Historians Doubt Received Wisdom

1918FluVictimsStLouis

Influenza epidemic in United States. St. Louis, Missouri, Red Cross Motor Corps on duty, October 1918. (National Archives)

How should the 1918 influenza pandemic inform our response to COVID-19?

Here is a taste of Kevin Peraino’s piece at Politico:

So what is history for? Yes, it can reinforce one’s pet theories. But there’s another way to think about it: History is most useful when it is marshaled to overturn received wisdom, not reinforce it. The highest and best use of Spanish flu comparisons may be to poke holes in our own presumptions about what to do.

The deans of this school of thought were Richard Neustadt and Ernest May, two popular Harvard University professors who taught a beloved class on reasoning from history. Their classic 1986 book, Thinking in Time: The Uses of History for Decision-Makers, was designed as a guide for leaders who sought to incorporate history into their work. One of their central case studies shows how American policymakers have, in fact, gotten the lessons of the Spanish flu wrong before.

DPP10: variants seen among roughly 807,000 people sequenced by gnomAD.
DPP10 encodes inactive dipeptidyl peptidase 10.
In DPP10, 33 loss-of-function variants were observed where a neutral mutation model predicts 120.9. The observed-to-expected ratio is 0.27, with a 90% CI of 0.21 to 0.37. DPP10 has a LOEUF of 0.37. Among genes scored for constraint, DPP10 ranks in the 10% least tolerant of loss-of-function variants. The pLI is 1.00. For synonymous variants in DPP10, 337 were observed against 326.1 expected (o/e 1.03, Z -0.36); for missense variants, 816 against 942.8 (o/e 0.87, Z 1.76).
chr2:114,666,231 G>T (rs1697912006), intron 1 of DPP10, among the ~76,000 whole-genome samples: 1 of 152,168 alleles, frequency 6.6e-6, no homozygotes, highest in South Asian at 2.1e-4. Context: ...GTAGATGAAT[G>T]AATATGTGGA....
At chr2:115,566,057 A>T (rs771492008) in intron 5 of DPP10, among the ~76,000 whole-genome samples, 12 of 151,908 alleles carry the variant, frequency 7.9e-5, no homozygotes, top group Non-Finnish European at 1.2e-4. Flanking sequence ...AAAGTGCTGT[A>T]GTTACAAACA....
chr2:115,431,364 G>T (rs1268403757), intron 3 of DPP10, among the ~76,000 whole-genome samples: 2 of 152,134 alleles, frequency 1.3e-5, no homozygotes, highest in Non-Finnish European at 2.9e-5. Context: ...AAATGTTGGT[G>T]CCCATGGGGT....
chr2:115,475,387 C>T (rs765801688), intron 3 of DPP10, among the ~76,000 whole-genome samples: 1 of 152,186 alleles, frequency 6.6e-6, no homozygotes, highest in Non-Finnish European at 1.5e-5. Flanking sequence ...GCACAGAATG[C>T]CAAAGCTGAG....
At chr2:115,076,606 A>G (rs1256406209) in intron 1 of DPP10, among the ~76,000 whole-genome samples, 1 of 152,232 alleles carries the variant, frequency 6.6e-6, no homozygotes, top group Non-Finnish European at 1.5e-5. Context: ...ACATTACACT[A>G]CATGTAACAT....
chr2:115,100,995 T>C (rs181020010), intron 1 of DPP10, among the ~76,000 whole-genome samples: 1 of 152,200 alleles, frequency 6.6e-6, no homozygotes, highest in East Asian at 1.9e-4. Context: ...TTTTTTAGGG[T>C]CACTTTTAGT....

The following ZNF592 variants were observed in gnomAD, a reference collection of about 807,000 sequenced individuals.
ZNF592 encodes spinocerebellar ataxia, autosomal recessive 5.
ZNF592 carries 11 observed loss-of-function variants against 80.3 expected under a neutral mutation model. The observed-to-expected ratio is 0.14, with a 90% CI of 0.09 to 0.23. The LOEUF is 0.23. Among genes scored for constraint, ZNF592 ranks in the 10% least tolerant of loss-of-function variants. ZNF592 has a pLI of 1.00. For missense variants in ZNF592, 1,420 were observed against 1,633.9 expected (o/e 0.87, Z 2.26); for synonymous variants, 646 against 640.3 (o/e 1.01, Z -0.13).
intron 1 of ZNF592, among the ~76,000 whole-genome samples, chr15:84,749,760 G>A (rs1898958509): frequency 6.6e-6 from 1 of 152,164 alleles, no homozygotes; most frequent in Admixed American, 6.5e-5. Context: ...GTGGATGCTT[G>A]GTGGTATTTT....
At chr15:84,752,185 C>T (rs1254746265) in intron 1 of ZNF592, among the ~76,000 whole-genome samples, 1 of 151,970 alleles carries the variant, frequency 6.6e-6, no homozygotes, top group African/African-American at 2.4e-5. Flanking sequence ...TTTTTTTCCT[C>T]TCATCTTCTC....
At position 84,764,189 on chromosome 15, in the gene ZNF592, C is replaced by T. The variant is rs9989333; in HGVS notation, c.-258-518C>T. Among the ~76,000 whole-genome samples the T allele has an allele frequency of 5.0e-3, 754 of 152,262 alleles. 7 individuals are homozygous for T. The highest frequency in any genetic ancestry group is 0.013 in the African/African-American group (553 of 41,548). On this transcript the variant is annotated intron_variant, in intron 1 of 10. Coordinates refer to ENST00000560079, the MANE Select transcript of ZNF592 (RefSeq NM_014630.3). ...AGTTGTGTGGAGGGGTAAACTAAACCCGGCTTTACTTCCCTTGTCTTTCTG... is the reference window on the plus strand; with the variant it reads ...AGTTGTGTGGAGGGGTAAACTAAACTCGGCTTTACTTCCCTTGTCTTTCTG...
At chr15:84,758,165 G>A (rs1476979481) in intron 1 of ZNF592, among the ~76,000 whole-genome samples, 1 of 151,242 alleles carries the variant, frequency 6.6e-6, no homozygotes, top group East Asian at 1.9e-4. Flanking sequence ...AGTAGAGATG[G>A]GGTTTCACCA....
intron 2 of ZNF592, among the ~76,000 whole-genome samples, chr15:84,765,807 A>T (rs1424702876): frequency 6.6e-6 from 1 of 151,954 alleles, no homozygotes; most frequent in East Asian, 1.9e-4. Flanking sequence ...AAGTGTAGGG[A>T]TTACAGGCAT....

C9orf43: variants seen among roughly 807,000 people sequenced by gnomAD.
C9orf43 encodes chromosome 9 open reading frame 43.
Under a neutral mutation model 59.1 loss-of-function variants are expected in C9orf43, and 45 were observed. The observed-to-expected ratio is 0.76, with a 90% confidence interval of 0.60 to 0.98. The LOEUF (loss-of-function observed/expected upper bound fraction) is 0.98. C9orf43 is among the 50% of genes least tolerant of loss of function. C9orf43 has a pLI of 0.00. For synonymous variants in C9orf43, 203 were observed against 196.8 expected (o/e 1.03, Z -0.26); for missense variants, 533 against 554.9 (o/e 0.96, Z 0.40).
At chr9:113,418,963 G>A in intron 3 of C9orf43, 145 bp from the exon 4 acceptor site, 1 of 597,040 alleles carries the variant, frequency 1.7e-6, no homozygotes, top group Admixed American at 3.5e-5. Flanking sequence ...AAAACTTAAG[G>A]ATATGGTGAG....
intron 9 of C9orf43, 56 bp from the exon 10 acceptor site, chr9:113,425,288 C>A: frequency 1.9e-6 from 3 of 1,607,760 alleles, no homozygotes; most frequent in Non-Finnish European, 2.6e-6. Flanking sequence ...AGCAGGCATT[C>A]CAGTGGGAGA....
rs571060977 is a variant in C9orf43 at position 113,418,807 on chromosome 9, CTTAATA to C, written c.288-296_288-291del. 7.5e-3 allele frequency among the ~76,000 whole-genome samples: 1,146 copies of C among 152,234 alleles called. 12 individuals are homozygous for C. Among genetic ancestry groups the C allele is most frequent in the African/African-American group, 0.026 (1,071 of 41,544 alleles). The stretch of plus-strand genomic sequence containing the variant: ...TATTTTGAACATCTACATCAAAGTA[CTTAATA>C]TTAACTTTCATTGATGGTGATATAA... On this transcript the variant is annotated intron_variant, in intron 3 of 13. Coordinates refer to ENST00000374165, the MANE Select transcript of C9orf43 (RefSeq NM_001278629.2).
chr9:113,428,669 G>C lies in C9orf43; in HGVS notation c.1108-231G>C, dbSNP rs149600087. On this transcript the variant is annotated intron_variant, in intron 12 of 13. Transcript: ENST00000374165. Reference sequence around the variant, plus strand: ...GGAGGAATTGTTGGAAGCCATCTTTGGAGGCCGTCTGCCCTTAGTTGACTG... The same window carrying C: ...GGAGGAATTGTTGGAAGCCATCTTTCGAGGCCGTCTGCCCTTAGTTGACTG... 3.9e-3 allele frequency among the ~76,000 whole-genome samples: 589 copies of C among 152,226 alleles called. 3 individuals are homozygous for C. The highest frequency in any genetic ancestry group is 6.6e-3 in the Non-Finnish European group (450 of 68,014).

The key to using history well, Neustadt and May argue, is to doubt received wisdom. Each historical comparison should be taken apart and analyzed. The shrewdest policymakers refuse to take historical analogies at face value. So it should give us pause when a bureaucrat makes a slick passing reference to a complex historical inflection point.

Read the entire piece here.